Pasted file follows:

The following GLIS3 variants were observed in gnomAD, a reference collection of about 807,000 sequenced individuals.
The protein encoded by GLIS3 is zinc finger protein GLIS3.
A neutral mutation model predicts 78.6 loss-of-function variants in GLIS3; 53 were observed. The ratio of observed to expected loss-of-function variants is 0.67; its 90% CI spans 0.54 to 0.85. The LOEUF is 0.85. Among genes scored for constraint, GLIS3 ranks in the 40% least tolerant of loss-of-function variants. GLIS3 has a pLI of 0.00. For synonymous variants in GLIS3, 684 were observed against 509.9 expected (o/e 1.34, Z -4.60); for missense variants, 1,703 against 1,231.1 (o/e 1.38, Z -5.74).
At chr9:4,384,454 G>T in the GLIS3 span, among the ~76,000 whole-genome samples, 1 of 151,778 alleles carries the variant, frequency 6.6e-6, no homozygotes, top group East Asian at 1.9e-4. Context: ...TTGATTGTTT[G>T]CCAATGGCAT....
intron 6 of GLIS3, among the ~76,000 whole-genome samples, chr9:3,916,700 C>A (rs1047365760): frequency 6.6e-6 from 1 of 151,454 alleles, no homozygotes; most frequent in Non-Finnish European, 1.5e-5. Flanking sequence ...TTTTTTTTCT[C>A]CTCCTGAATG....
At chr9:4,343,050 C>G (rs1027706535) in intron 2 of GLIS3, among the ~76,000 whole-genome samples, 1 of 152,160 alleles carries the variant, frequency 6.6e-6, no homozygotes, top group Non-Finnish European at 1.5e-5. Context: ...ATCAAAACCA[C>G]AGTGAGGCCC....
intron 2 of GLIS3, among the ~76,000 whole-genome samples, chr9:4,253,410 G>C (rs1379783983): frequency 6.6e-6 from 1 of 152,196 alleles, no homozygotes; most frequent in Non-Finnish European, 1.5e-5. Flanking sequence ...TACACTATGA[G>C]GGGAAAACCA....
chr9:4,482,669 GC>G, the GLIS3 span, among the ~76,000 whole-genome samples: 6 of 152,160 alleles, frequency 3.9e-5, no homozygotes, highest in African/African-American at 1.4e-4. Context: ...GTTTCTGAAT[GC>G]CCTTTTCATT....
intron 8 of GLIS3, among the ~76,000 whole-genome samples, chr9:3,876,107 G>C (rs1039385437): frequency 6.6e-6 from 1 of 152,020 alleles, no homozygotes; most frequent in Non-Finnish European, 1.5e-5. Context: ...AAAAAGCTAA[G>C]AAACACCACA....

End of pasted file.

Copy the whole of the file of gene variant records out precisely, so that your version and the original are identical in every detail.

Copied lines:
The following GLIS3 variants were observed in gnomAD, a reference collection of about 807,000 sequenced individuals.
The protein encoded by GLIS3 is zinc finger protein GLIS3.
A neutral mutation model predicts 78.6 loss-of-function variants in GLIS3; 53 were observed. The ratio of observed to expected loss-of-function variants is 0.67; its 90% CI spans 0.54 to 0.85. The LOEUF is 0.85. Among genes scored for constraint, GLIS3 ranks in the 40% least tolerant of loss-of-function variants. GLIS3 has a pLI of 0.00. For synonymous variants in GLIS3, 684 were observed against 509.9 expected (o/e 1.34, Z -4.60); for missense variants, 1,703 against 1,231.1 (o/e 1.38, Z -5.74).
At chr9:4,384,454 G>T in the GLIS3 span, among the ~76,000 whole-genome samples, 1 of 151,778 alleles carries the variant, frequency 6.6e-6, no homozygotes, top group East Asian at 1.9e-4. Context: ...TTGATTGTTT[G>T]CCAATGGCAT....
intron 6 of GLIS3, among the ~76,000 whole-genome samples, chr9:3,916,700 C>A (rs1047365760): frequency 6.6e-6 from 1 of 151,454 alleles, no homozygotes; most frequent in Non-Finnish European, 1.5e-5. Flanking sequence ...TTTTTTTTCT[C>A]CTCCTGAATG....
At chr9:4,343,050 C>G (rs1027706535) in intron 2 of GLIS3, among the ~76,000 whole-genome samples, 1 of 152,160 alleles carries the variant, frequency 6.6e-6, no homozygotes, top group Non-Finnish European at 1.5e-5. Context: ...ATCAAAACCA[C>G]AGTGAGGCCC....
intron 2 of GLIS3, among the ~76,000 whole-genome samples, chr9:4,253,410 G>C (rs1379783983): frequency 6.6e-6 from 1 of 152,196 alleles, no homozygotes; most frequent in Non-Finnish European, 1.5e-5. Flanking sequence ...TACACTATGA[G>C]GGGAAAACCA....
chr9:4,482,669 GC>G, the GLIS3 span, among the ~76,000 whole-genome samples: 6 of 152,160 alleles, frequency 3.9e-5, no homozygotes, highest in African/African-American at 1.4e-4. Context: ...GTTTCTGAAT[GC>G]CCTTTTCATT....
intron 8 of GLIS3, among the ~76,000 whole-genome samples, chr9:3,876,107 G>C (rs1039385437): frequency 6.6e-6 from 1 of 152,020 alleles, no homozygotes; most frequent in Non-Finnish European, 1.5e-5. Context: ...AAAAAGCTAA[G>C]AAACACCACA....